By Bethany BROWN
Glendale Parks and Open Space Foundation hosted a special viewing on Saturday, Dec. 11 of a new art installation at Deukmejian Wilderness Park. The 26-foot mosaic mural, titled “The Breath of a Deukmejian Day,” depicts and celebrates natural elements of the region, including plants and animals found in the local area.
The Foundation is a non-profit organization supporting park projects, recreation programs and open space activities that enrich the entire community. It strives to encourage community members to get outside and connect with nature.
Local artist Hannah Maximova said she feels proud and grateful that her work helps the organization further its mission. She was commissioned to complete the mural over three years ago but had to undergo a long process of awaiting city approval before she could begin bringing her vision to life.
Foundation President Paul Rabinov emphasized his gratitude to former president Kate Eberle for originally conceiving the idea years ago.
“It’s been a long time coming,” Rabinov said. “It is here as a permanent celebration of our community on a natural level.”
The mosaic mural can be found mounted onto the outdoor amphitheater wall that stands adjacent to the stone barn. The barn is still under renovation and conversion into a Nature Interpretive Center, which is set to open in the new year.
“I’ve been installing [the mural] for the last few weeks and it was just wonderful to have it unveiled for all those people,” Maximova said. “People were so enthusiastic; it was incredibly gratifying.”
Maximova said she began the creation process of cutting glass in January of this year and finished in June. She recalled it served as an inspiring and safe space for her during the rather painful time that the pandemic introduced to the world. The mural, according to Maximova, reflects both the breath and breadth of a Deukmejian day. The work encompasses a full day for the plants and animals that live there – the left side as the morning, the middle as the afternoon and the right side as the evening – with each species represented at the specific times each is most active.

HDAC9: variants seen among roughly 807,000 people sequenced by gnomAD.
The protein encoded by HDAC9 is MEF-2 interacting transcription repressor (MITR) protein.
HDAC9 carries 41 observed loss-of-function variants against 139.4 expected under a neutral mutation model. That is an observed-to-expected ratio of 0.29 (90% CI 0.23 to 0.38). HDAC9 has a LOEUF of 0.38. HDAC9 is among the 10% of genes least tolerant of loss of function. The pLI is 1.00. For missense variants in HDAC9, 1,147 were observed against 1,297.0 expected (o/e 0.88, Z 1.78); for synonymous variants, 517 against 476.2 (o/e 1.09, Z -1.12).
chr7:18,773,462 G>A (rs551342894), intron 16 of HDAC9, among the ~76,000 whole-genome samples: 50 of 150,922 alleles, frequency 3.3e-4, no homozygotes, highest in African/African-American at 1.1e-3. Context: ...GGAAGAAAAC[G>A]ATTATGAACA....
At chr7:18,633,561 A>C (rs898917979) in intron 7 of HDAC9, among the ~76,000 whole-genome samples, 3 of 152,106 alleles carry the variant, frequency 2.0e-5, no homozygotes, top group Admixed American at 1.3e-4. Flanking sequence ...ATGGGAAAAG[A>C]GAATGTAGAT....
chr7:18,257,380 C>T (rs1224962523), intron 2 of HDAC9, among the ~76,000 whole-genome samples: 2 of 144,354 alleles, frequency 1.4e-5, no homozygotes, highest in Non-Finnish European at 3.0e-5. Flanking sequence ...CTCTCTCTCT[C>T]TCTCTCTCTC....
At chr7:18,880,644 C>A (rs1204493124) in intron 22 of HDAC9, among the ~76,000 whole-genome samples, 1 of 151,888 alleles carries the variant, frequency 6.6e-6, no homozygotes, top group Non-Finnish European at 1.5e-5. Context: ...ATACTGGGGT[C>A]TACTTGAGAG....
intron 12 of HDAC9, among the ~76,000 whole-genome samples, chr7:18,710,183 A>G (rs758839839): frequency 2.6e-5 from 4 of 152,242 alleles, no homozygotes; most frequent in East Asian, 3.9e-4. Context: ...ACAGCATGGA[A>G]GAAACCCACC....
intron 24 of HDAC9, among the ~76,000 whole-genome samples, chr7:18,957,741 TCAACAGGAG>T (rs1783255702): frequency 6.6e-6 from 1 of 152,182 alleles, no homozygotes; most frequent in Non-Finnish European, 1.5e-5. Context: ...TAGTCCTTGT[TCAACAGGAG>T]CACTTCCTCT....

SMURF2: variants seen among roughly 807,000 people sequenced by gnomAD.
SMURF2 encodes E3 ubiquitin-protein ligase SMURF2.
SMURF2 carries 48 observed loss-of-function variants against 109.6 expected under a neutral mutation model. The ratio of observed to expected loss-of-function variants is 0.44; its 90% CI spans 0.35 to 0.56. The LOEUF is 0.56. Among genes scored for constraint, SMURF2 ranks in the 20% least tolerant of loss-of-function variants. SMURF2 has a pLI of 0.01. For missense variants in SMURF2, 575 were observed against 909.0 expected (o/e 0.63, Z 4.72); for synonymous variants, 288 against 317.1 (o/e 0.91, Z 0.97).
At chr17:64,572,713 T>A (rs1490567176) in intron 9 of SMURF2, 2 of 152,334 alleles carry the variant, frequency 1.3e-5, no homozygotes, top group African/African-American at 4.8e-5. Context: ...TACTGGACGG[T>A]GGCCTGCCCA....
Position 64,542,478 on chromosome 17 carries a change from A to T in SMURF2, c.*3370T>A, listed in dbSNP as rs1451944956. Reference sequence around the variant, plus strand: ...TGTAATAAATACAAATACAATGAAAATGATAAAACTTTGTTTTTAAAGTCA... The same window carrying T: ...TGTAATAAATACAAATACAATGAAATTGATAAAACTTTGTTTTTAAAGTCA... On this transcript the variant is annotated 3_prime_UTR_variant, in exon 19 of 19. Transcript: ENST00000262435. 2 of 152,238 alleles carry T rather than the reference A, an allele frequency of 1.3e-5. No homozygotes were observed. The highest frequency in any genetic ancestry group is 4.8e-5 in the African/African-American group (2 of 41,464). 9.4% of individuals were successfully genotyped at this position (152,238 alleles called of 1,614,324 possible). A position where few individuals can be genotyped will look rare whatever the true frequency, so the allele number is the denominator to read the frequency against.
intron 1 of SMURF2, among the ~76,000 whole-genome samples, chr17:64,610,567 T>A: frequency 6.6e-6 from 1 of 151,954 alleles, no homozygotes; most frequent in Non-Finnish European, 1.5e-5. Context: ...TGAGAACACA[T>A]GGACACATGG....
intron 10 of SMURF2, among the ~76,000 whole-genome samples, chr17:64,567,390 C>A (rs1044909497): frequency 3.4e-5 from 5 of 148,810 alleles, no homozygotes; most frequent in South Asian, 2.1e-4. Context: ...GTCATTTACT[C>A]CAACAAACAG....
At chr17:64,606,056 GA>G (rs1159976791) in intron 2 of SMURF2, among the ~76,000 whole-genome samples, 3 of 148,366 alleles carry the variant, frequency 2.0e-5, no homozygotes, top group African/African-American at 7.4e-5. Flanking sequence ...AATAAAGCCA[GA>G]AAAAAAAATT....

“We’re so lucky to still have such abundant wildlife,” Maximova said. “It’s a wonderful gift that current and past generations have preserved some of our land so that these animals have a place to live, and I just hope that future generations will share that sense of preciousness and recognize that we’re very lucky to have a wonderful biodiversity represented in this park.”
She urged people to remember that human residents are not alone in the area and emphasized how important it is to acknowledge and respect the wildlife that shares the area. She urges people to continue to do what is possible to protect it by bringing more consciousness and thought into each decision made.
“We need to think about what we can do as a society, as a city, as individuals, to make the world more habitable for more than just us,” Maximova said. “Every [poor] choice can take you closer to helping the world be cleaner and safer and kinder to all humans and all non-humans, and every choice could make it much harder to achieve that.”
Individuals and businesses can support the park and Foundation’s mission by purchasing a legacy tile. Each tile will be installed on the donor wall located next to the mural; all money raised goes directly toward supporting of various Glendale city park programs. Donations can be made at www.glendaleparksfoundation.org.
“It’s groundbreaking because this is the first time that an opportunity has been presented where the public can sponsor a donor tile within a park,” Rabinov said. “We’ve already been met with such immense support from the community and public officials, and we just hope that will continue.”
A formal dedication of the mosaic mural and the grand opening of the Nature Interpretive Center will be held on Feb. 12, 2022.